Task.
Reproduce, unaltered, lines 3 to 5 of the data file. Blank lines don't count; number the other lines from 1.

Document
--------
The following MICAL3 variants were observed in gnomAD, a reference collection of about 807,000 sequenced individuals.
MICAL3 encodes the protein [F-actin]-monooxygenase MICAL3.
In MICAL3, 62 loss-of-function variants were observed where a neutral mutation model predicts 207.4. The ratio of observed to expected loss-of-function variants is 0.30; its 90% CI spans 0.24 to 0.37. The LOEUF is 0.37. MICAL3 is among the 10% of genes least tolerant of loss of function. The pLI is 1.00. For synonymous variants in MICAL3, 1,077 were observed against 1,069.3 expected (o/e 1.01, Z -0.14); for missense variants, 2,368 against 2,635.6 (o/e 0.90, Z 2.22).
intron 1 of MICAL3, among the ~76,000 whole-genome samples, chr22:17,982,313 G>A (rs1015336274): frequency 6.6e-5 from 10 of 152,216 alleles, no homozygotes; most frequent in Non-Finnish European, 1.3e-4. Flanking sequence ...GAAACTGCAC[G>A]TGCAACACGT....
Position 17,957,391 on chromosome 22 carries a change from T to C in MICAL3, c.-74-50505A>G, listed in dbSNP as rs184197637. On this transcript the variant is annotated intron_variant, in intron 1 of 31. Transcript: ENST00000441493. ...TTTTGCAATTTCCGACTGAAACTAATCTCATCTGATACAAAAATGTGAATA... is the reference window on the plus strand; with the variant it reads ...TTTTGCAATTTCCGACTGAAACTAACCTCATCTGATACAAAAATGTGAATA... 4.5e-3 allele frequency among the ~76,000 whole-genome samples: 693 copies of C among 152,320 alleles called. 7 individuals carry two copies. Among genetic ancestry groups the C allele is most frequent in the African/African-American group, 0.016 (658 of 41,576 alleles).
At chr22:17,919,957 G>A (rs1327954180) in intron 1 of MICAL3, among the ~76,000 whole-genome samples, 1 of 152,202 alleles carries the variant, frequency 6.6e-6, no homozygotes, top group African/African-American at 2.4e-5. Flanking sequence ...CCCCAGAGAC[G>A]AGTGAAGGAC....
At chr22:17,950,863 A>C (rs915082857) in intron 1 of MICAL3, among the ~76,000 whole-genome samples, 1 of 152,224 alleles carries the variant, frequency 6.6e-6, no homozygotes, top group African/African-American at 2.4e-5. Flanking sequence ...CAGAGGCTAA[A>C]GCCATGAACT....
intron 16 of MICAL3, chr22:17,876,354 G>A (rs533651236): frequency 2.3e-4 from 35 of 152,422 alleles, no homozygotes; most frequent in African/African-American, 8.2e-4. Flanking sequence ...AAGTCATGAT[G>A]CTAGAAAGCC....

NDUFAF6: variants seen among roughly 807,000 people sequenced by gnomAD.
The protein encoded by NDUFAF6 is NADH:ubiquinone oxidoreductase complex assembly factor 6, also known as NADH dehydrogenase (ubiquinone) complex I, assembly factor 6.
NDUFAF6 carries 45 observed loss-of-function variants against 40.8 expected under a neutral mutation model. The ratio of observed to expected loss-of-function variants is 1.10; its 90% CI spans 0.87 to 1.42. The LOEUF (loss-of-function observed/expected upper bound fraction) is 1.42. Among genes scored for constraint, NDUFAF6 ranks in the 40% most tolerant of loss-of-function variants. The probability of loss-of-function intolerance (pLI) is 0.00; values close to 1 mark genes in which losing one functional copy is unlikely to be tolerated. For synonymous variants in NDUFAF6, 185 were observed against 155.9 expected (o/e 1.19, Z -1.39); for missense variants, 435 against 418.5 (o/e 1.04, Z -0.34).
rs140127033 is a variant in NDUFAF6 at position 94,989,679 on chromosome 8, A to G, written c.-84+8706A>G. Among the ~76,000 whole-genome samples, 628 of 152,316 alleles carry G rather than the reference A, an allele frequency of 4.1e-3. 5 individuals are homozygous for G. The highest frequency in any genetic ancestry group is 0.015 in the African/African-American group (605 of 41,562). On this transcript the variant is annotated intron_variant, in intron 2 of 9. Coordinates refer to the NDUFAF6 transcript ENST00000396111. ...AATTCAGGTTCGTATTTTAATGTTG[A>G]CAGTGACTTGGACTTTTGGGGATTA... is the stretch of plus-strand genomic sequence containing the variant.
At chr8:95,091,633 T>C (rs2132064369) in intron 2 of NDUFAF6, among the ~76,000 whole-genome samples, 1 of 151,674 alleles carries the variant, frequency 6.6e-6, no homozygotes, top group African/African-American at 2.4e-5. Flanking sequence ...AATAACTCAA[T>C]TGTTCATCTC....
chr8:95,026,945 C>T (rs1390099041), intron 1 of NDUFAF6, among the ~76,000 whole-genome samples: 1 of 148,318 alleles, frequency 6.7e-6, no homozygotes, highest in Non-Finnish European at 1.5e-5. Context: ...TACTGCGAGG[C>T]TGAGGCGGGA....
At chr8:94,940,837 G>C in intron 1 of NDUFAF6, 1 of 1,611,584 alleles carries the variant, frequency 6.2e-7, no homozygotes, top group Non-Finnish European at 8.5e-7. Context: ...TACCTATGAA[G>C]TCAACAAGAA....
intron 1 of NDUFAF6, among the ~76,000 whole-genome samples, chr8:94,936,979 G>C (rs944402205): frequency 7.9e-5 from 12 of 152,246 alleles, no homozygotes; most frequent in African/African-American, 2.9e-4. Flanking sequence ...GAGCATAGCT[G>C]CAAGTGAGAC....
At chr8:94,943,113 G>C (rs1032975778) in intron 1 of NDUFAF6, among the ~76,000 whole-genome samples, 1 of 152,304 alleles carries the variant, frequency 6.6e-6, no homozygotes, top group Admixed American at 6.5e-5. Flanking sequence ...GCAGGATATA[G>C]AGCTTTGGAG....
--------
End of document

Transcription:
In MICAL3, 62 loss-of-function variants were observed where a neutral mutation model predicts 207.4. The ratio of observed to expected loss-of-function variants is 0.30; its 90% CI spans 0.24 to 0.37. The LOEUF is 0.37. MICAL3 is among the 10% of genes least tolerant of loss of function. The pLI is 1.00. For synonymous variants in MICAL3, 1,077 were observed against 1,069.3 expected (o/e 1.01, Z -0.14); for missense variants, 2,368 against 2,635.6 (o/e 0.90, Z 2.22).
intron 1 of MICAL3, among the ~76,000 whole-genome samples, chr22:17,982,313 G>A (rs1015336274): frequency 6.6e-5 from 10 of 152,216 alleles, no homozygotes; most frequent in Non-Finnish European, 1.3e-4. Flanking sequence ...GAAACTGCAC[G>A]TGCAACACGT....
Position 17,957,391 on chromosome 22 carries a change from T to C in MICAL3, c.-74-50505A>G, listed in dbSNP as rs184197637. On this transcript the variant is annotated intron_variant, in intron 1 of 31. Transcript: ENST00000441493. ...TTTTGCAATTTCCGACTGAAACTAATCTCATCTGATACAAAAATGTGAATA... is the reference window on the plus strand; with the variant it reads ...TTTTGCAATTTCCGACTGAAACTAACCTCATCTGATACAAAAATGTGAATA... 4.5e-3 allele frequency among the ~76,000 whole-genome samples: 693 copies of C among 152,320 alleles called. 7 individuals carry two copies. Among genetic ancestry groups the C allele is most frequent in the African/African-American group, 0.016 (658 of 41,576 alleles).